The economy is growing again, with employers adding millions of workers to payrolls per month. The unemployment rate — which briefly hit levels far higher than the worst of the Great Recession — is now falling rapidly.
Fears that economic collapse would spiral out of control after the spring shutdowns have not been realized. Even more strikingly, the fact that the United States has failed to meaningfully contain the Covid-19 pandemic is proving to be less of an impediment to economic growth than one might have thought.
Six months ago, public health experts were arguing that if the United States set up robust surveillance testing, contact tracing, case isolation, and rigorous mask usage, a version of economic normalcy could return without incurring grave risks to human life. Looking across the globe, this seems to be correct — many countries have achieved much better outcomes in terms of less loss of life without incurring any clear economic cost relative to the United States.
At the same time, the view (once widespread among economists) that failing to control the outbreak would necessarily have dire economic consequences looks like it may have been overstated. While the US public health situation looks terrible in an international context, the economy is going okay.
“We’re witnessing the fastest labor market recovery from any economic crisis in history, by far,” President Donald Trump said at a Friday briefing room appearance to brag about the results. “This year, the United States has seen the smallest economic contraction of any major Western nation, and we are recovering at a much faster rate than any other nation.”
This is all (as you’d expect from Trump) a bit misleading, but the basic message that the economic news is good is correct.
But that’s largely due to the success of the CARES Act, many of the key provisions of which have expired. The country now faces a very uncertain fall, where the only clear thing in the data is that both the bond market and the Federal Reserve would welcome more stimulus.
The economic disaster this past spring wasn’t so bad
The key to understanding the current state of the economy is to recognize that, despite headlines warning of unemployment rising to the highest level since the Great Depression, things were not quite as bad as they seemed. The second quarter of 2020 was just a very weird time, macroeconomically speaking.
- On the one hand, aggregate economic output shrank at the highest pace on record as huge swaths of the economy shut down, either under orders from state governments or else (like airlines and hotels) simply because demand wasn’t there.
- But household income actually rose because unemployed workers received very generous unemployment insurance and nearly every adult got $1,200 from the federal government.
In humanitarian terms, this meant that despite a very stressful situation for essentially everyone, we did not see widespread hunger, mass evictions, or other social hardship. People had money for the things they needed, but spending on non-necessities went into the toilet. Lots of people increased their savings (less eating out, less driving, no movies or sports tickets or vacations), so the economy even built up some resiliency.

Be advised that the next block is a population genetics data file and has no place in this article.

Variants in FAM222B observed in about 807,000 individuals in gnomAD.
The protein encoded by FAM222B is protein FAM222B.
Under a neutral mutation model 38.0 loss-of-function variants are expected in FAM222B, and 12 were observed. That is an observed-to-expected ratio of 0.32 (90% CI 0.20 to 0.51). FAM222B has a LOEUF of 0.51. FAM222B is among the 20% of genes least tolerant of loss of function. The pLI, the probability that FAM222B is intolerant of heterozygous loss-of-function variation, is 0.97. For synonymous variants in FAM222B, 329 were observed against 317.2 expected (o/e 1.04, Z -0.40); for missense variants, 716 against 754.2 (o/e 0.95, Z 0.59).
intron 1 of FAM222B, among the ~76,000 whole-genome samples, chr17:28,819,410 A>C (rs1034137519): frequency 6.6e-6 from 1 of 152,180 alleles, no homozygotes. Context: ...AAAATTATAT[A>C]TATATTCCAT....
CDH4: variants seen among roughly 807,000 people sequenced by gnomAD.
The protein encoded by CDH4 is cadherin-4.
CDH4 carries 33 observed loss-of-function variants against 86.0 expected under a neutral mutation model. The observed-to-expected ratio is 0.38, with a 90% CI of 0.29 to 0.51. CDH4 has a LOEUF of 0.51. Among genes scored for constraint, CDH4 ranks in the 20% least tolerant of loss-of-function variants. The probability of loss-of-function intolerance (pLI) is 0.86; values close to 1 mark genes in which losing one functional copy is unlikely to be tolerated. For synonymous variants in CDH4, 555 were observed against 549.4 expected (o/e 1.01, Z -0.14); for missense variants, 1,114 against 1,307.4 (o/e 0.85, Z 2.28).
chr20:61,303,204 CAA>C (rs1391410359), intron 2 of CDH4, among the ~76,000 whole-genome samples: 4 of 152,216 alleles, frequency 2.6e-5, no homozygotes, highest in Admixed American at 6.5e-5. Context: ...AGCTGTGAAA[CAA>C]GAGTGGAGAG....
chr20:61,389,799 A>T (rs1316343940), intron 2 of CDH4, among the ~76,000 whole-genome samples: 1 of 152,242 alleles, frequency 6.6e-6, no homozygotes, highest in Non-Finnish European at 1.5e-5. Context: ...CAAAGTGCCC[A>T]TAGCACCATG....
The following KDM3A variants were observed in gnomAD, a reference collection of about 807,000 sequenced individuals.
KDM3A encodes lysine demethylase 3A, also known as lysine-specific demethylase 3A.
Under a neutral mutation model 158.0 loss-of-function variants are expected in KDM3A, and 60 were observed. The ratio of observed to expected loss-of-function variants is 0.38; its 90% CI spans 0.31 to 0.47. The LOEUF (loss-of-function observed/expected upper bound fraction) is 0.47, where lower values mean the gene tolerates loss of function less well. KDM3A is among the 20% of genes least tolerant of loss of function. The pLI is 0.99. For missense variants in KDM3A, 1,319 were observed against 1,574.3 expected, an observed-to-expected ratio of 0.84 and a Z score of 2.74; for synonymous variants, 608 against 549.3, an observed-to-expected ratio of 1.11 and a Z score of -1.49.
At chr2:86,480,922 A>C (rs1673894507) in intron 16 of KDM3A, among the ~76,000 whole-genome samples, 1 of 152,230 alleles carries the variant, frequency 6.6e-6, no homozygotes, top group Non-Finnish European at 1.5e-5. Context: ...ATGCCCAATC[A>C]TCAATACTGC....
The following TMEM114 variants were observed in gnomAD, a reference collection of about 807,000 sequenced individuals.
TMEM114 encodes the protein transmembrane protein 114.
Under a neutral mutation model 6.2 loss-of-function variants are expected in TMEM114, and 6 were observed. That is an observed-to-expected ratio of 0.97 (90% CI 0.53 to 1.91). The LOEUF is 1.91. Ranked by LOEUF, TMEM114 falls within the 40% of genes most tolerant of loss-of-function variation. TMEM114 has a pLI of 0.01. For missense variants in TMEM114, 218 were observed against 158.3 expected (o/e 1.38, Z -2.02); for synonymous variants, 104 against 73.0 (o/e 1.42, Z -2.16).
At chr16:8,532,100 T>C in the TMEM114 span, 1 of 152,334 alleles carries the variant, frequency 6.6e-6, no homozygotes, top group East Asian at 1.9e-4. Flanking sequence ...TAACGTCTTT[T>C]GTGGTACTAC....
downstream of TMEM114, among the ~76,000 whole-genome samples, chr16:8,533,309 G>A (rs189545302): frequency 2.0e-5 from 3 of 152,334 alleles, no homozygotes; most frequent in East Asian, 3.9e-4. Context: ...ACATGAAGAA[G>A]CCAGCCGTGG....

Had the country spent May and June pursuing a strategy to suppress the virus, we might have been able to reopen most things in July and August and enjoyed a strong economic rebound without too much danger to public health. That didn’t happen. But despite the lost opportunity to contain the virus, the economy did rebound sharply once restrictions began to lift. The CARES Act not only met urgent humanitarian needs during the period of maximum business closures, it also led the economy to behave like a bouncy ball: Even as economic activity collapsed, household finances did not, so when it became easier to go out and spend money, people did — and rapid economic growth ensued.
Trump’s boasting that “our economy and jobs are doing really well” rings a bit hollow in light of the reality that we’ve gotten back only half the jobs lost earlier in the pandemic, and the 8.4 percent unemployment rate is still awfully high.
Our Economy and Jobs are doing really well. Next Year will be a Record Setter. Stay Tuned!— Donald J. Trump (@realDonaldTrump) September 6, 2020
But the current job growth really is fast. In partisan terms, Republicans want to talk about rates (the economy is growing really fast), and Democrats want to talk about levels (output and employment are still below where they were a year ago). The bigger issue, however, is that even the springiest ball doesn’t regain its old heights.
We’re looking at permanent job losses
As this is a very unusual economic situation, traditional labor market indicators aren’t necessarily as informative as economists might like them to be.
One boring technical problem is that people who are on temporary furlough from their jobs are supposed to report themselves as unemployed if a Bureau of Labor Statistics surveyor calls. But many people in this situation, not being experts on labor market statistics, are evidently not doing this. So the real unemployment rate is higher than the official one.
A more serious conceptual issue is that ideally, it would be useful to distinguish between people who are unemployed because they work at a movie theater in a city that won’t let movie theaters open and people who’ve actually lost their jobs on a permanent basis.
Jason Furman, a professor at the Harvard Kennedy School who served as a top economic adviser in the Obama administration, constructs two alternate unemployment series: a “realistic” one that accounts for misclassification, and a “full recall” one that asks what would happen if everyone on furlough came back to work tomorrow.
The point of all this is that the improvement in the labor market situation has largely been the result of furloughed workers going back on the job. But while temporary furloughs continue to be a factor in the economy, Furman writes, “Even if individuals on temporary layoff returned to work very quickly, the United States would still have a recessionary level of unemployment for some time to come.”
But just as the spring economic disaster wasn’t as bad as the headlines suggested, the recovery doesn’t necessarily mean that everyone’s living standards are going up.
Many low-wage workers are worse off than they were this spring